What was the impetus to start using live instruments?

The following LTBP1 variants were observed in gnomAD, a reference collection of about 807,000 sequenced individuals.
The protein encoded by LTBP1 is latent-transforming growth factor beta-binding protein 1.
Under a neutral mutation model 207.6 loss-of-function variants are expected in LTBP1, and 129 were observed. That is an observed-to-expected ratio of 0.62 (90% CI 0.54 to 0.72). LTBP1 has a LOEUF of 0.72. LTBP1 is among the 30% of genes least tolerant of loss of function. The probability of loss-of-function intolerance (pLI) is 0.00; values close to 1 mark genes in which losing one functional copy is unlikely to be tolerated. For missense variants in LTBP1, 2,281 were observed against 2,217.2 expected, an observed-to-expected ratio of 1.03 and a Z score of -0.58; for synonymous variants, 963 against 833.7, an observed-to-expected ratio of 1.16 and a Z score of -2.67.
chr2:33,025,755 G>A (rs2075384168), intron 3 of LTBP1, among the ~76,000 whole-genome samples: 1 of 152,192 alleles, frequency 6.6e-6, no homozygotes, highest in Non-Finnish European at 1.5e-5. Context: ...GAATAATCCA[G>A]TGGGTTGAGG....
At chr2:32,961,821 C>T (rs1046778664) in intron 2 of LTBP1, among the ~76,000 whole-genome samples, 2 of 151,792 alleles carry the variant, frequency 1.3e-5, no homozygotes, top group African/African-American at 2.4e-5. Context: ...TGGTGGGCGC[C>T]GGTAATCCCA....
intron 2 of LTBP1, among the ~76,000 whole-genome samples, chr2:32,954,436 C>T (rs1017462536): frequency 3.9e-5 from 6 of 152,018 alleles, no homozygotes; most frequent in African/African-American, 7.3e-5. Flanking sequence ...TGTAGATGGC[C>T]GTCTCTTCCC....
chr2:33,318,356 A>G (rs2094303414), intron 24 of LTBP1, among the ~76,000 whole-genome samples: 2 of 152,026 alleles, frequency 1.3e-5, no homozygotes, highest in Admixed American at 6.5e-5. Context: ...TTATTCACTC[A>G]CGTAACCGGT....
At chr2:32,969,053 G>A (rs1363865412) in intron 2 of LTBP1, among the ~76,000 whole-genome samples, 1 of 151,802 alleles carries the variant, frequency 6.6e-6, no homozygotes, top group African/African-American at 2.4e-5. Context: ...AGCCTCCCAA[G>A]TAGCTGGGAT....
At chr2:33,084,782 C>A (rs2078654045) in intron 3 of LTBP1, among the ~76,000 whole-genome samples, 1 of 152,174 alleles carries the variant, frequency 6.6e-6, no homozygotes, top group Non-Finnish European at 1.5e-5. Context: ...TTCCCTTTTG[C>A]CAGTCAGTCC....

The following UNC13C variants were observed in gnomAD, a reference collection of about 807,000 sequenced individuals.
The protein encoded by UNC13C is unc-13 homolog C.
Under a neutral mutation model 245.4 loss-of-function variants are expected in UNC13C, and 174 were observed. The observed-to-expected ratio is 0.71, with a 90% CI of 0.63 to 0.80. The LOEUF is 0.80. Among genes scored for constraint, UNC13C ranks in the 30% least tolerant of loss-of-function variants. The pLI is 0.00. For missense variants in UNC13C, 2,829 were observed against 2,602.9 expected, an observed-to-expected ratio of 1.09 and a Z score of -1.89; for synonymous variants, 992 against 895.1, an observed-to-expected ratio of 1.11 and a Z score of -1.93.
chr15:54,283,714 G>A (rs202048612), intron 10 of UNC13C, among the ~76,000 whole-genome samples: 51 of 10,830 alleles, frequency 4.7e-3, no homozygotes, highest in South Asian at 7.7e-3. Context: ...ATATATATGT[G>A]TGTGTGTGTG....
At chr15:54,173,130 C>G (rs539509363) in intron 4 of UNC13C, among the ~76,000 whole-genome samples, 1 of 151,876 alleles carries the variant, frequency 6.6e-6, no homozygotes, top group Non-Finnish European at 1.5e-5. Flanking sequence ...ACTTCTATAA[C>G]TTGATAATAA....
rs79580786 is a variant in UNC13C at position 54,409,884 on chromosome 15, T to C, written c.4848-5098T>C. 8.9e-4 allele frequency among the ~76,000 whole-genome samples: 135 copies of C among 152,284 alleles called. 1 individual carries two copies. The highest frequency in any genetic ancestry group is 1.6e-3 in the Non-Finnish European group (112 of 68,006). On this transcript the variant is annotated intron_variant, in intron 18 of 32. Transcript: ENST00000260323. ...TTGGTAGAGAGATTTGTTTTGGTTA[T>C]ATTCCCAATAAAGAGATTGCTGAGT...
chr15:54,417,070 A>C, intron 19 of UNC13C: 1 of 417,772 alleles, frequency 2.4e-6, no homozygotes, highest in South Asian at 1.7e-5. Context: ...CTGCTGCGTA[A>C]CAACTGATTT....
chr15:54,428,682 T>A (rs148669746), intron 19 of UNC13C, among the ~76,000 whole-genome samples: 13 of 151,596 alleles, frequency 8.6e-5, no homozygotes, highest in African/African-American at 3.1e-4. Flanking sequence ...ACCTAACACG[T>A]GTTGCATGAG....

Just that I could. When I was in college, I used to write for an ensemble. I went to school for music. The goal was never to be this solo performer party dance guy. When I got out of school, I was like, “I have no money.” I had just moved to Baltimore and didn’t know anybody here. Like, “I did a lot of solo show at Purchase, why don’t I just write for myself as a performer?” I think a lot of composers do that, using the early minimalists as inspiration — Terry Riley and Steve Reich. It would be difficult to be like, “Fourteen people! Let’s go on tour, let’s lose hundreds of dollars each, we’ll play to no one, but we’ll rehearse for months to get it down.” [Laughs] Don’t live beyond my means. I could sit at home all day and write pieces for orchestra, but they’ll never get heard; I could write these songs and I can take them on tour right now. That doesn’t mean stop writing pieces for orchestra (or) stop thinking about the future of it. But realize that you need to eat every day. I never really thought it would get to this level. I never thought SOTR would be successful. It sort of blew my mind when it did. I remember after it got signed to Carpark and the test pressings got sent out — I was friends with Girl Talk before he got big or anything, and he was like, “Man, if you get a good review on Pitchfork, it’s going to change your life.” And I was like, “What do you mean?” He was like, “I used to work in a cubicle all day and five people would go to my shows. Then I got Best New Music on Pitchfork. That’s what changed everything.” I was like, “No way, really?” And he was fucking right, man. It’s like I got indoctrinated into a weird — I guess it’s like what Rolling Stone was in the past. A lot of people look to that. I don’t think they really discover stuff, but I think they see what is getting big and they bring it there quicker. Anyway, when SOTR became, like, popular, I was on tour with Video Hippos, and we were like, “We’re going to need to get a cashbox. We’re actually getting paid to do shows. This is fucking crazy!” That’s when I realized, like, “This tour is different. The context has changed.” I mean, in a positive way — I was pumped on it. I realized I needed to start making the show curtailed to larger audiences; I needed to compose with that in mind. We’re playing large spaces, not just basements or tiny rooms. I think that started shaping the idea of Bromst as well — big and vast and open. After touring the United States a lot, and the first time I ever went to Europe and got to go to Australia, it was crazy, and I started thinking about the scope of the earth. I hadn’t been on an airplane before that, and looking out down onto the clouds … I just started thinking about the vastness of space and this huge encompassing world. It just sort of changed the way I thought, and I was like, “I don’t want to keep writing music that’s designed for playing parties and basements. It was awesome, I loved doing it, and I would do it again if everything changed back. But right now I have an opportunity to make a different kind of music, and realize it in a very different way with real performers and real instruments and live electronics. That’s what I should be doing, it’s what I went to school for, and let’s do it.”